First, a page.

- Clostridium difficile (C. Diff.), one of the highest reported HAIs, is a remarkably resilient pathogen that’s easily transported on high contact devices like pagers, laptops, mobile phones, stethoscopes, workstations, and diagnostic tools. These devices are currently cleaned with bleach or isopropyl alcohol disinfection wipes, which can have an offensive odor, accelerate equipment wear, and must be used within their useful shelf life. Consider applying a quantifiable and trackable UVC disinfection dose via handheld or countertop devices — or integrated directly into portable work stations and diagnostic equipment — to disinfect surfaces as hospital staff transition between patient rooms. Movement toward disinfection verification — or simply enhancing current protocols with defined disinfection doses — provides infection control personnel with a way to confidently and quantifiably monitor and reduce HAI’s.
- The CDC has reported a 50 percent reduction in Central Line Associated Blood Stream Infections (CLABSI) between 2008 and 2014, but recent improvements have been less dramatic. Disinfecting the hub of a central line is a manual process that relies on friction and time. It takes up to 60 seconds when executed properly and there is no way to verify compliance. A handheld LED device attached to an infuser could be aimed at the hub and within seconds deliver a UVC dose capable of a 4-log reduction (the relative number of live microbes that must be destroyed) of common pathogens like MRSA. The result: a consistent disinfection dose is applied to a common site of pathogen transport in far less time by a device that also records each dose for reporting or analysis.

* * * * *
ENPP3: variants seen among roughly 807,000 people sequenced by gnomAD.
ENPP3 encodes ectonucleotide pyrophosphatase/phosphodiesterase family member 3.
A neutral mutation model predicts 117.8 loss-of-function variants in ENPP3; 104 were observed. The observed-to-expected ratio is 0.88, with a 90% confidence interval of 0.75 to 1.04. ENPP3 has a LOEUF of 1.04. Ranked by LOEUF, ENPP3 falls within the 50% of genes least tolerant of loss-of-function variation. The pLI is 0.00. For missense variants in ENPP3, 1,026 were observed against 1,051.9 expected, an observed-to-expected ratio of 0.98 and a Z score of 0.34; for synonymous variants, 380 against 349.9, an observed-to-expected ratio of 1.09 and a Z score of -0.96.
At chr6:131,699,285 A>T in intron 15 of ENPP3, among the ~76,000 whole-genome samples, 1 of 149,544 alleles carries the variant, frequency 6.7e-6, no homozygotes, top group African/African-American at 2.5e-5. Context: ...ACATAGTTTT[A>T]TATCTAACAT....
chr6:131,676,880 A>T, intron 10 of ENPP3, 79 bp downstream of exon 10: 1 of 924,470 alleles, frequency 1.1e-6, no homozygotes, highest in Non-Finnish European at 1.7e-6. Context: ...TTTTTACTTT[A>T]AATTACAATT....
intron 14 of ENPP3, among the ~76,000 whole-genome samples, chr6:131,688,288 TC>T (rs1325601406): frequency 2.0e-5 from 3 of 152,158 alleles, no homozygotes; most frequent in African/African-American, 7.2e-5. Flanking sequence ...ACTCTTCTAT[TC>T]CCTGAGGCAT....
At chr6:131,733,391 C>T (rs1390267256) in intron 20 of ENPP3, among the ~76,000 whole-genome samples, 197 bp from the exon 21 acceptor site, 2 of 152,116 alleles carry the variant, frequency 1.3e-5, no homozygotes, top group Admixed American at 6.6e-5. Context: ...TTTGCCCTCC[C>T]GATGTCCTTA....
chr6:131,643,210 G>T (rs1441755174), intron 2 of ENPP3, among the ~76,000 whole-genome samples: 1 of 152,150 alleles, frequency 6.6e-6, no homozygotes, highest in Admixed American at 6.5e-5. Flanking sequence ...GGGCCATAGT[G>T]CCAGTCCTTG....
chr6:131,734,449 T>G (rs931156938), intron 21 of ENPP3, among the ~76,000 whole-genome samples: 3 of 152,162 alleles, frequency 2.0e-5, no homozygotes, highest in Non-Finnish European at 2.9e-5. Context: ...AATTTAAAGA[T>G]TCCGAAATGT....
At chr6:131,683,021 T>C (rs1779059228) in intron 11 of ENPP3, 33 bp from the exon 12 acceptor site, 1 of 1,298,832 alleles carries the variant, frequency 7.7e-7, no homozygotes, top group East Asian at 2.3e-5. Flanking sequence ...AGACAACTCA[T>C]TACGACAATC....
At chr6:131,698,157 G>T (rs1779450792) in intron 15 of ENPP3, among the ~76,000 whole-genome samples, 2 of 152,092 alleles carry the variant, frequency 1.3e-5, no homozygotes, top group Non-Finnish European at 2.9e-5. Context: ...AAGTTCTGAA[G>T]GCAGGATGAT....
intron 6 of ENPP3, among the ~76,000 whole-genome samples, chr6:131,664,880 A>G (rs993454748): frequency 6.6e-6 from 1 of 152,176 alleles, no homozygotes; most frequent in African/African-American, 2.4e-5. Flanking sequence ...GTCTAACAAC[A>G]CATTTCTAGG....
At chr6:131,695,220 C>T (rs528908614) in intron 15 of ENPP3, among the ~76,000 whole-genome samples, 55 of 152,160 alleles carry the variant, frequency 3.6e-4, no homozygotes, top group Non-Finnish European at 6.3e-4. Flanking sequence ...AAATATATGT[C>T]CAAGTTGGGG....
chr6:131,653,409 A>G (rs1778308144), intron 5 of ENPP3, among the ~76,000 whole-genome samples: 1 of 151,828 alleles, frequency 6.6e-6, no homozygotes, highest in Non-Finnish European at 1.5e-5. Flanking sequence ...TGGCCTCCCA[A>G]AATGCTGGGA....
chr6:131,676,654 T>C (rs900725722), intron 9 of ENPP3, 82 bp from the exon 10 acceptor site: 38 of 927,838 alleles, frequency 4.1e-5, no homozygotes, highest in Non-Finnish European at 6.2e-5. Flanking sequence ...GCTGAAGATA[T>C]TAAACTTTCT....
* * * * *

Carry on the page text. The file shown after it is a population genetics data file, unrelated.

- UVC LEDs can also be used to address Ventilator Associated Pneumonia (VAP). Though it occurs in only 1-2 percent of patients using mechanical ventilators, VAP mortality rates are greater than 50 percent. Focused UVC energy from a strategically positioned device could reach into and disinfect complex passageways, in-vitro components, and even nebulizer equipment in-situ without heating the target surfaces.
New information coming from the CDC suggest that the incidence of C. diff infections are beginning to show signs of having decreased from 2011-2014, according to preliminary data analyses. This success is primarily attributed to strict adherence to terminal cleaning, hand hygiene, and antibiotic stewardship, according to a story on NPR quoting CDC officials.
However, future infection reduction depends on combating pathogens that are becoming increasingly resistant to chemical disinfection methods. Adding disinfection with UVC LEDs is a viable alternative to chemicals because it disrupts the DNA of harmful microorganisms and destroys their ability to reproduce thereby eliminating the spread of MRSA, C. diff, and many other pathogens that have no known natural defense mechanism to UVC energy exposure.
Healthcare providers, medical device OEMs, and disinfection equipment manufacturers alike have every reason to embrace smaller, portable devices that employ solid-state technology like UVC LEDs. Doing so will significantly bolster what’s projected to be a long and difficult fight against the spread of infectious diseases and the ongoing emergence of chemical resistant super bugs.
Mark Pizzuto is the Director of Product Management – Disinfection with Crystal IS, a manufacturer of high-performance UVC LEDs.